- The Washington Times - Wednesday, November 3, 2004


The Supreme Court debated yesterday how much protection from job bias older workers are entitled to, a case that could set new standards for on-the-job age-discrimination lawsuits.

Justices are reviewing a case involving Jackson, Miss., police officers who sued the city when their younger colleagues got more generous pay raises.

Glen Nager, the attorney for the city government, noted the aging members of the Supreme Court and said it is “painful” to acknowledge that older workers have different mental and physical abilities. Employers, he said, make many age-related business decisions and should not be threatened constantly with lawsuits.

The court is considering a 1967 anti-discrimination law that covers about 75 million workers who are 40 and older — or about half the work force. Employees can use the law to win back pay, benefits and other compensation if they can prove that their employers discriminated against them because of their age.

The Mississippi case asks the high court to allow lawsuits when job policies that appear neutral actually have a disproportionately harsh effect on older workers. Some lower courts allow so-called disparate-impact claims under the 1967 law. Others don’t.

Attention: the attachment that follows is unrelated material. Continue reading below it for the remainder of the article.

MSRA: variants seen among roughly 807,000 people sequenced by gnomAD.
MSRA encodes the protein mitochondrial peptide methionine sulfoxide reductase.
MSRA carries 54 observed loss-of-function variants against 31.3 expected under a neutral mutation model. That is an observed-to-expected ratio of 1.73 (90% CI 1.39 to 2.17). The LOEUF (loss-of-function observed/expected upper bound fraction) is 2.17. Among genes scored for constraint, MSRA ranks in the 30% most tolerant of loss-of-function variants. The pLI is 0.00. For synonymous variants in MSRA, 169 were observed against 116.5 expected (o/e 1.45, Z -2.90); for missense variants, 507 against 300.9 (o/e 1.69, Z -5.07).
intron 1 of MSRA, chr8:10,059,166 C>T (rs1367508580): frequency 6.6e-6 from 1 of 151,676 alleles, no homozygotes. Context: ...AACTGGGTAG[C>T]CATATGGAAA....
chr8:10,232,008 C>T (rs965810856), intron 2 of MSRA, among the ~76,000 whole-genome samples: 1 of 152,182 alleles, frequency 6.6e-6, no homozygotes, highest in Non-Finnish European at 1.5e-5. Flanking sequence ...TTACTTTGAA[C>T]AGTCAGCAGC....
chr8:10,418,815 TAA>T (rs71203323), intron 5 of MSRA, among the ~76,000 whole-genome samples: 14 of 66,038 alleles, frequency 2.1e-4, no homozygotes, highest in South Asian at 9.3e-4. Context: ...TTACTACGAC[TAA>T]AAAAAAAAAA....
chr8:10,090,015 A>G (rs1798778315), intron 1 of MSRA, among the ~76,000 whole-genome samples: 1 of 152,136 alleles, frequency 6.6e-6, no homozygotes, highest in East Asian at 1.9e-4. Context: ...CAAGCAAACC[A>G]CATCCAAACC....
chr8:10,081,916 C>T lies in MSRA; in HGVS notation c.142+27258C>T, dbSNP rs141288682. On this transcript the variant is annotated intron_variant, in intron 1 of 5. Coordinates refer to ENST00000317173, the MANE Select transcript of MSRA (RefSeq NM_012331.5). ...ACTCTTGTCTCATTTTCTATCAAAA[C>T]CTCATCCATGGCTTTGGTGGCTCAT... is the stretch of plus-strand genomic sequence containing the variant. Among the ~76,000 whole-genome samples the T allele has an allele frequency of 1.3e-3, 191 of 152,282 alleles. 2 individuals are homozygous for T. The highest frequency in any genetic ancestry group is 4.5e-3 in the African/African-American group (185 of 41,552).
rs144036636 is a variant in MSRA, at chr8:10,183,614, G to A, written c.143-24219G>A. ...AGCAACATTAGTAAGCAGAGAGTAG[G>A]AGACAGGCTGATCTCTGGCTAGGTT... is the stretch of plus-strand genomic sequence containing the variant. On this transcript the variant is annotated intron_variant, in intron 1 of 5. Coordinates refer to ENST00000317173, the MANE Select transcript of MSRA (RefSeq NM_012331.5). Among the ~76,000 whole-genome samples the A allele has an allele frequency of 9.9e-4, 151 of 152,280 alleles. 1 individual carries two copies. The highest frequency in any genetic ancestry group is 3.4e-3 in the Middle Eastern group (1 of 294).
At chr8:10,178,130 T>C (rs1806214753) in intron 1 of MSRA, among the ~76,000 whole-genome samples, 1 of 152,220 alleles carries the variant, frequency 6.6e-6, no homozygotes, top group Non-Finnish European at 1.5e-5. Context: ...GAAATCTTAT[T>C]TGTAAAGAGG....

The court already has said such lawsuits are allowed in sex- and race-discrimination cases.

Justice Antonin Scalia said Congress used the same language in the 1967 law as it did in the 1964 Civil Rights Act, which bans discrimination based on a worker’s sex, religion or race.

“It seems to me they wanted the two to mean the same,” Justice Scalia said.

Justice Sandra Day O’Connor questioned how many disparate-impact age-discrimination cases would be filed, if the court allows them.

Thomas Goldstein, the attorney for the police officers, said he did not expect an overwhelming number.

“If the court rules against the older workers, it could be sending a real signal that age discrimination is not as serious or wrong as other kinds of discrimination,” said Laurie McCann, a lawyer for the older Americans group AARP.

Miss McCann said complaints of discrimination against older workers are increasing because employers “see them as the most dispensable” in corporate cost-cutting.

Business groups and government associations are backing the city of Jackson in the case.

“Many essential work-force practices have some correlation with age,” justices were told in a filing by associations of state government and city leaders. “Judicial sanctioning of disparate-impact claims has unduly restricted the ability of government employers to manage their work forces and provide cost-effective public services.”

In the case, 30 officers and police dispatchers sued over a pay plan intended to help the Jackson police department attract more new officers. The largest raises went to newer officers. The more senior officers lost their case in a lower court and appealed to the Supreme Court.



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